Neighborhood Roundup

BHV Online Lecture Looks at ‘Building Better Bones’

Beacon Hill Village presents “Building Better Bones,” an online program with Joy Tsai, MD, on Tuesday, Oct. 19, from 2 to 3:30 p.m.

One in two women and up to one in four men will break a bone during their life due to osteoporosis.  Dr. Joy Tsai will review the epidemiology of osteoporosis in the U.S. as well as the latest treatment strategies for this disease. Osteoporosis care encompasses both pharmacologic and non-drug therapy. She will review the broad categories of types of prescription drugs as well as lifestyle interventions that patients can carry out every day.  

Dr. Tsai is an endocrinologist at Massachusetts General Hospital. She is the Medical Co-Director of the MGH Endocrine Associates clinic and the Associate Director of the MGH Bone Density Center.  At Harvard Medical School, she is an Assistant Professor of Medicine.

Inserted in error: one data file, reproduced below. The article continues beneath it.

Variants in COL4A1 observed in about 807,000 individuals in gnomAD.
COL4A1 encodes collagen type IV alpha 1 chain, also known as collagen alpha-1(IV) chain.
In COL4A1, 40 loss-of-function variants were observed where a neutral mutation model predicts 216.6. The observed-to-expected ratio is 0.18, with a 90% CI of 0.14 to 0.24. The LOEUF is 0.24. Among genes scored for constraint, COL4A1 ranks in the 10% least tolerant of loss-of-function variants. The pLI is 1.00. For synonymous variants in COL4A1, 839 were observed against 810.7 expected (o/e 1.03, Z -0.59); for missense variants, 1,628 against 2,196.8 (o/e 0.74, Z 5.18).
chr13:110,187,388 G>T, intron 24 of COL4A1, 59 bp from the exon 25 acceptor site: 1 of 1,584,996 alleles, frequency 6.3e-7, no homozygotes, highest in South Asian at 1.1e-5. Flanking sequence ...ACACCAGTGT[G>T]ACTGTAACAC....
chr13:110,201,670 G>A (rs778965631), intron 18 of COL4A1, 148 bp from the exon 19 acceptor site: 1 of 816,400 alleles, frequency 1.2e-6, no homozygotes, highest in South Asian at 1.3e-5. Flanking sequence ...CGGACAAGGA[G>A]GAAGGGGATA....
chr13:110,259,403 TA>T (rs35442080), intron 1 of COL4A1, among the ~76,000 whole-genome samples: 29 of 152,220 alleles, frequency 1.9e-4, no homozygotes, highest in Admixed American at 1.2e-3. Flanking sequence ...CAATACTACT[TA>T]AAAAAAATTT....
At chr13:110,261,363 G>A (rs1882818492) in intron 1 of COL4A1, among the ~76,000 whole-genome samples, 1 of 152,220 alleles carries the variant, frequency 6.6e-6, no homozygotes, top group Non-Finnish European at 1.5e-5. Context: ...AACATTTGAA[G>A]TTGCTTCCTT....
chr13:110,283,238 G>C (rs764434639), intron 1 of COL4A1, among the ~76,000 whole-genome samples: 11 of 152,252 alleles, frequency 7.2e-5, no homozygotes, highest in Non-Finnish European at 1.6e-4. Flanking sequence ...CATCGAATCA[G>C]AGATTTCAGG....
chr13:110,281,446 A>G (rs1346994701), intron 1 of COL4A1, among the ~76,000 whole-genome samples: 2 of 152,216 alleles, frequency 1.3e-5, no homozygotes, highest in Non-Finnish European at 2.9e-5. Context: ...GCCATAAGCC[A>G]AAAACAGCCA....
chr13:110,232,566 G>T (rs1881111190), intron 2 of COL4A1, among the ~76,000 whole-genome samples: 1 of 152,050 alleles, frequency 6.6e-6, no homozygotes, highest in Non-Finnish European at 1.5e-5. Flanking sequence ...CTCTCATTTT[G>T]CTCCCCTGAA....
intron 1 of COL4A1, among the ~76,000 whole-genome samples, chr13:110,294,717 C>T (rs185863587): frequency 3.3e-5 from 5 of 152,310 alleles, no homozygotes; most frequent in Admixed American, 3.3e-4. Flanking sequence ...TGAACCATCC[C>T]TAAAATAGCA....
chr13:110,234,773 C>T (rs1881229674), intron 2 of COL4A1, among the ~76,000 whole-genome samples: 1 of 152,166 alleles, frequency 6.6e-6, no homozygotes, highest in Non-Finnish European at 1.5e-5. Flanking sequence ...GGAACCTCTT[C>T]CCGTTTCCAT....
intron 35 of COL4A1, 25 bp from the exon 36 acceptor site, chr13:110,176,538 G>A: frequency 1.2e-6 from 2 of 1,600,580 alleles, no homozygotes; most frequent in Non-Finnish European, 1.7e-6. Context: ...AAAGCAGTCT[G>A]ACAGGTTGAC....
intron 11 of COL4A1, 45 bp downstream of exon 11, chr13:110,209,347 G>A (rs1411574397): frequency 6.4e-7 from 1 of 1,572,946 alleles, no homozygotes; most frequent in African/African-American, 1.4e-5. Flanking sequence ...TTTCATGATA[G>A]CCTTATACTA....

This program is part of Beacon Hill Village’s Living Well Ending Well series, which is presented in partnership with the Boston Public Library.  The program is free of charge and open to the public. Registration is required at, or by calling Beacon Hill Village at 617-723-9713.  Registrants will receive the Zoom link for the program.

Read the Room Book Club to read and discuss ‘Frankenstein’

The Nichols House Museum and Gibson House Museum’s 2021-22 season of Read the Room  – a  book club inspired by the literary salons of the 19th century – kicks off with a discussion on “Frankenstein” on Wednesday, Oct. 20, at 6 p.m.

`The first science fiction novel was written more then 200 years ago but its legacy and relevance continues today. Discuss the context and implications of Mary Shelley’s “Frankenstein “(1818) just in time for spooky season.